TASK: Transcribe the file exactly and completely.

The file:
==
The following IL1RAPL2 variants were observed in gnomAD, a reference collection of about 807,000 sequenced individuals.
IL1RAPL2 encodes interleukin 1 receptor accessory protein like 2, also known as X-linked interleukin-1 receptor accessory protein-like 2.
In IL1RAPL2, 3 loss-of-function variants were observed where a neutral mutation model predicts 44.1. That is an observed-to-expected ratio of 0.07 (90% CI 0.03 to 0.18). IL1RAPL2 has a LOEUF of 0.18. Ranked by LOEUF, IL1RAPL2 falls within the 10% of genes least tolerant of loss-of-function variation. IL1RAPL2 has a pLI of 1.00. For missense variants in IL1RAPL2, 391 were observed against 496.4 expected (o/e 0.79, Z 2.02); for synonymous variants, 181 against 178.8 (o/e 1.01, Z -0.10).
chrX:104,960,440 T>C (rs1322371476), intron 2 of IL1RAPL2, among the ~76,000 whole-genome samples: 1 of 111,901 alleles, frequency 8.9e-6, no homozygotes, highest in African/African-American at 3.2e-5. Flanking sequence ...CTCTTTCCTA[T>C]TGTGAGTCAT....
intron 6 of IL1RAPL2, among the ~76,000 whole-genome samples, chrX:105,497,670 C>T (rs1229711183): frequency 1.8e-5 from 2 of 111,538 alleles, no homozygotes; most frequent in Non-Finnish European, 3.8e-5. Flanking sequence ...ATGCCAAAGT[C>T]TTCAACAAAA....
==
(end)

The following IL1RAPL2 variants were observed in gnomAD, a reference collection of about 807,000 sequenced individuals.
IL1RAPL2 encodes interleukin 1 receptor accessory protein like 2, also known as X-linked interleukin-1 receptor accessory protein-like 2.
In IL1RAPL2, 3 loss-of-function variants were observed where a neutral mutation model predicts 44.1. That is an observed-to-expected ratio of 0.07 (90% CI 0.03 to 0.18). IL1RAPL2 has a LOEUF of 0.18. Ranked by LOEUF, IL1RAPL2 falls within the 10% of genes least tolerant of loss-of-function variation. IL1RAPL2 has a pLI of 1.00. For missense variants in IL1RAPL2, 391 were observed against 496.4 expected (o/e 0.79, Z 2.02); for synonymous variants, 181 against 178.8 (o/e 1.01, Z -0.10).
chrX:104,960,440 T>C (rs1322371476), intron 2 of IL1RAPL2, among the ~76,000 whole-genome samples: 1 of 111,901 alleles, frequency 8.9e-6, no homozygotes, highest in African/African-American at 3.2e-5. Flanking sequence ...CTCTTTCCTA[T>C]TGTGAGTCAT....
intron 6 of IL1RAPL2, among the ~76,000 whole-genome samples, chrX:105,497,670 C>T (rs1229711183): frequency 1.8e-5 from 2 of 111,538 alleles, no homozygotes; most frequent in Non-Finnish European, 3.8e-5. Flanking sequence ...ATGCCAAAGT[C>T]TTCAACAAAA....